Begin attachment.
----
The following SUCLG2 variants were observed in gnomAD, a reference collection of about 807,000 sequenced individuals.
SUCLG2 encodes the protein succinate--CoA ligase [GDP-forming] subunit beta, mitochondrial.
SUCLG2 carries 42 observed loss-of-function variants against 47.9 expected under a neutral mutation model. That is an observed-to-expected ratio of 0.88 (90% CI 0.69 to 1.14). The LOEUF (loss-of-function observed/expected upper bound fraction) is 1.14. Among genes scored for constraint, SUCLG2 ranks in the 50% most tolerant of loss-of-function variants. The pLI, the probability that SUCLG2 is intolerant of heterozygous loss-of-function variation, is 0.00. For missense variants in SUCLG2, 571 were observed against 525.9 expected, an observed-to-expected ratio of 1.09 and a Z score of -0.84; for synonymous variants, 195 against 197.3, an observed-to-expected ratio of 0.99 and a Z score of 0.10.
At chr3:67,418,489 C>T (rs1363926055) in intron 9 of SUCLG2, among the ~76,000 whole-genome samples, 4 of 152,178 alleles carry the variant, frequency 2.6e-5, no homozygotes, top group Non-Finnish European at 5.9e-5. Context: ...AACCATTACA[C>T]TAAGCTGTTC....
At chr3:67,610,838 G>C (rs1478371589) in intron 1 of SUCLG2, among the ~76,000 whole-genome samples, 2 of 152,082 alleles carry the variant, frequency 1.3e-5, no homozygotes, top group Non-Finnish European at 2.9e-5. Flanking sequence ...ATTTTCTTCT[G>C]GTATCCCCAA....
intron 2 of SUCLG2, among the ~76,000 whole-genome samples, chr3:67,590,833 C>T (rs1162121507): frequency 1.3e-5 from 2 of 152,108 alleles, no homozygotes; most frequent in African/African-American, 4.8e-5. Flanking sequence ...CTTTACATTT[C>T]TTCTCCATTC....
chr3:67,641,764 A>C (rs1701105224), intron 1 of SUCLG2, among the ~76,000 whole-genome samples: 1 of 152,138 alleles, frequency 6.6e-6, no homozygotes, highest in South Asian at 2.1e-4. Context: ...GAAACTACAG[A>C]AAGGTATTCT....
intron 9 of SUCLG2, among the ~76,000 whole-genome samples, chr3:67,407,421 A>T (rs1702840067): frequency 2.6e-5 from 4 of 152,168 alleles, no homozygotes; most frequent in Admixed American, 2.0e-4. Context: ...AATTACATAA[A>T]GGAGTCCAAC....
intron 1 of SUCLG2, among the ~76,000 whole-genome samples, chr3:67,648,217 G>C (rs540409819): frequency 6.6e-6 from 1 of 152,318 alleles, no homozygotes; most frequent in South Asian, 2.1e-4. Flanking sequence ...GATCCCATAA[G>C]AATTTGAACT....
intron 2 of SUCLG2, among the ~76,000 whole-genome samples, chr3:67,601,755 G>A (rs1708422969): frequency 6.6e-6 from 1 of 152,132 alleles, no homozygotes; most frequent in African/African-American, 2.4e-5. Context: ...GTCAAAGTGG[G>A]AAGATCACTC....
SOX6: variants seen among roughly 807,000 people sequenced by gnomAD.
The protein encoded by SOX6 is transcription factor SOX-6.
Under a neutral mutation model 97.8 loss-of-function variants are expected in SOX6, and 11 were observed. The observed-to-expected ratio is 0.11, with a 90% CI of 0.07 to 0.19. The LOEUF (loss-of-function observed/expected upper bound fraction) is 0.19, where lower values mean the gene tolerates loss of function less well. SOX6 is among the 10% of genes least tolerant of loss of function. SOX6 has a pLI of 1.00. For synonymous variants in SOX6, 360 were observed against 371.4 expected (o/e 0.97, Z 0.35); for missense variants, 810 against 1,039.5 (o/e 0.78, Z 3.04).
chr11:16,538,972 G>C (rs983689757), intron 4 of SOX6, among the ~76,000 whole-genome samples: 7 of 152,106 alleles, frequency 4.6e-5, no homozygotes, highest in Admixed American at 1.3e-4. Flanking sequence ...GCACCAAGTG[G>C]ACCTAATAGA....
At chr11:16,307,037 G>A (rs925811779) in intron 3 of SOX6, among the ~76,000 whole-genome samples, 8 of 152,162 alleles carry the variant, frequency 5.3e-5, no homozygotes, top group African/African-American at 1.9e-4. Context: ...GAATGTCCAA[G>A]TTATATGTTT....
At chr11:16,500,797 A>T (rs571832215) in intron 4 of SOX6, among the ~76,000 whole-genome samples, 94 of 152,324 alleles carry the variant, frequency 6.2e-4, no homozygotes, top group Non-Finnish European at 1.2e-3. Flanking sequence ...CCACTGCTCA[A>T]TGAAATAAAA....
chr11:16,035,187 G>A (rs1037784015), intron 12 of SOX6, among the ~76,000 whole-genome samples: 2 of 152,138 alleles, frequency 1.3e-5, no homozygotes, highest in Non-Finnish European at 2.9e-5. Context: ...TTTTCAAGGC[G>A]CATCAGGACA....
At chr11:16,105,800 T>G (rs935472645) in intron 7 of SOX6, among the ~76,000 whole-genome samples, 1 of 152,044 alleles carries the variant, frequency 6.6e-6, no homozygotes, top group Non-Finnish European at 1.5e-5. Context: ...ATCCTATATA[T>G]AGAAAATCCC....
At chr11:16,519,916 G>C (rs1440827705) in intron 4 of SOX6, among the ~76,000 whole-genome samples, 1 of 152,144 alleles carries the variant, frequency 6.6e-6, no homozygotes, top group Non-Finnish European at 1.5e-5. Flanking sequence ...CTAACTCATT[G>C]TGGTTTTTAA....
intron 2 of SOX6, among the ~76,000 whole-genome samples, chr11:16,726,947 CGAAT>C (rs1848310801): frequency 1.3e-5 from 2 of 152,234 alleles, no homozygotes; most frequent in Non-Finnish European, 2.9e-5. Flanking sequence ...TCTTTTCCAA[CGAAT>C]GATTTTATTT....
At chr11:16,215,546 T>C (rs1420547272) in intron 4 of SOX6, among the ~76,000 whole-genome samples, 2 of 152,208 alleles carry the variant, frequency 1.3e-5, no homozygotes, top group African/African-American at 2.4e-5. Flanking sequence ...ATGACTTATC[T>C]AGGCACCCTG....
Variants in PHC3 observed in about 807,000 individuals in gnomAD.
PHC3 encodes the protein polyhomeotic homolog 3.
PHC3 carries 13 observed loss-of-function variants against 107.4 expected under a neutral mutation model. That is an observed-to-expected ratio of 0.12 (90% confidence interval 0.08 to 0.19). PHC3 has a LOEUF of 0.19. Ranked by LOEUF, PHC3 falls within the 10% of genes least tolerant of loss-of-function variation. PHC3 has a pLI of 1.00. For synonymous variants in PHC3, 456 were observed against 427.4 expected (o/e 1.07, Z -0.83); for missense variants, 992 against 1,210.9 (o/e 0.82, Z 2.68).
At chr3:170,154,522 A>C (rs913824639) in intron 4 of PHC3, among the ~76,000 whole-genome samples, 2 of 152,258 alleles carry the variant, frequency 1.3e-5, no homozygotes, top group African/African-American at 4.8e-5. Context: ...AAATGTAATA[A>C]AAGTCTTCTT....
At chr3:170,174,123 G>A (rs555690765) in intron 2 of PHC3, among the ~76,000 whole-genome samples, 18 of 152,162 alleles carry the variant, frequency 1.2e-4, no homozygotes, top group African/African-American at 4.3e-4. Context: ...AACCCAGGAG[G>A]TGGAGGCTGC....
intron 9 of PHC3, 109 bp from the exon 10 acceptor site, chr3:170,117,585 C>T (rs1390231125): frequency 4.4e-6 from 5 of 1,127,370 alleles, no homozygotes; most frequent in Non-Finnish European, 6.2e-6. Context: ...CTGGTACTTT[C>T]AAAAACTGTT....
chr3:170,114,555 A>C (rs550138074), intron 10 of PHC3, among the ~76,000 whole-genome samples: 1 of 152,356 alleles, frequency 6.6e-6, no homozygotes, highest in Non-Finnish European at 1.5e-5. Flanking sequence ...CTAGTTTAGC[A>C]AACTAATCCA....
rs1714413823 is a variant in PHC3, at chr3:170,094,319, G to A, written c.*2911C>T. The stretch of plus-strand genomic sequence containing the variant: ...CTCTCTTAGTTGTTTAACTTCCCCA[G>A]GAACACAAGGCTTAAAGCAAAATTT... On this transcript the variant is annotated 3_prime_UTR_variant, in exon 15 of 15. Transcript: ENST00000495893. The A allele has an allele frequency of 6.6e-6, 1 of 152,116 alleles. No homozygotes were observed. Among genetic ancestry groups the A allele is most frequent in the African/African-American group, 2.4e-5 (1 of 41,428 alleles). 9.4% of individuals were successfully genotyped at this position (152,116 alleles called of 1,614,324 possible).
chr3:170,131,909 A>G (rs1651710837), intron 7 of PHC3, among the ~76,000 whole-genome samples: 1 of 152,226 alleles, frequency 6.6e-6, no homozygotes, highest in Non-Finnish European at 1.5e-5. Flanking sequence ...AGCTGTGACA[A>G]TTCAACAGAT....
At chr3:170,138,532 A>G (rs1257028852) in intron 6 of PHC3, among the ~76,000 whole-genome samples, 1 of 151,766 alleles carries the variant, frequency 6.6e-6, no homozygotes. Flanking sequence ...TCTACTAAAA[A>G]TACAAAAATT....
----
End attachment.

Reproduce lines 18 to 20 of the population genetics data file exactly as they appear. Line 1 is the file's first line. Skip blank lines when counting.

At chr11:16,105,800 T>G (rs935472645) in intron 7 of SOX6, among the ~76,000 whole-genome samples, 1 of 152,044 alleles carries the variant, frequency 6.6e-6, no homozygotes, top group Non-Finnish European at 1.5e-5. Context: ...ATCCTATATA[T>G]AGAAAATCCC....
At chr11:16,519,916 G>C (rs1440827705) in intron 4 of SOX6, among the ~76,000 whole-genome samples, 1 of 152,144 alleles carries the variant, frequency 6.6e-6, no homozygotes, top group Non-Finnish European at 1.5e-5. Flanking sequence ...CTAACTCATT[G>C]TGGTTTTTAA....
intron 2 of SOX6, among the ~76,000 whole-genome samples, chr11:16,726,947 CGAAT>C (rs1848310801): frequency 1.3e-5 from 2 of 152,234 alleles, no homozygotes; most frequent in Non-Finnish European, 2.9e-5. Flanking sequence ...TCTTTTCCAA[CGAAT>C]GATTTTATTT....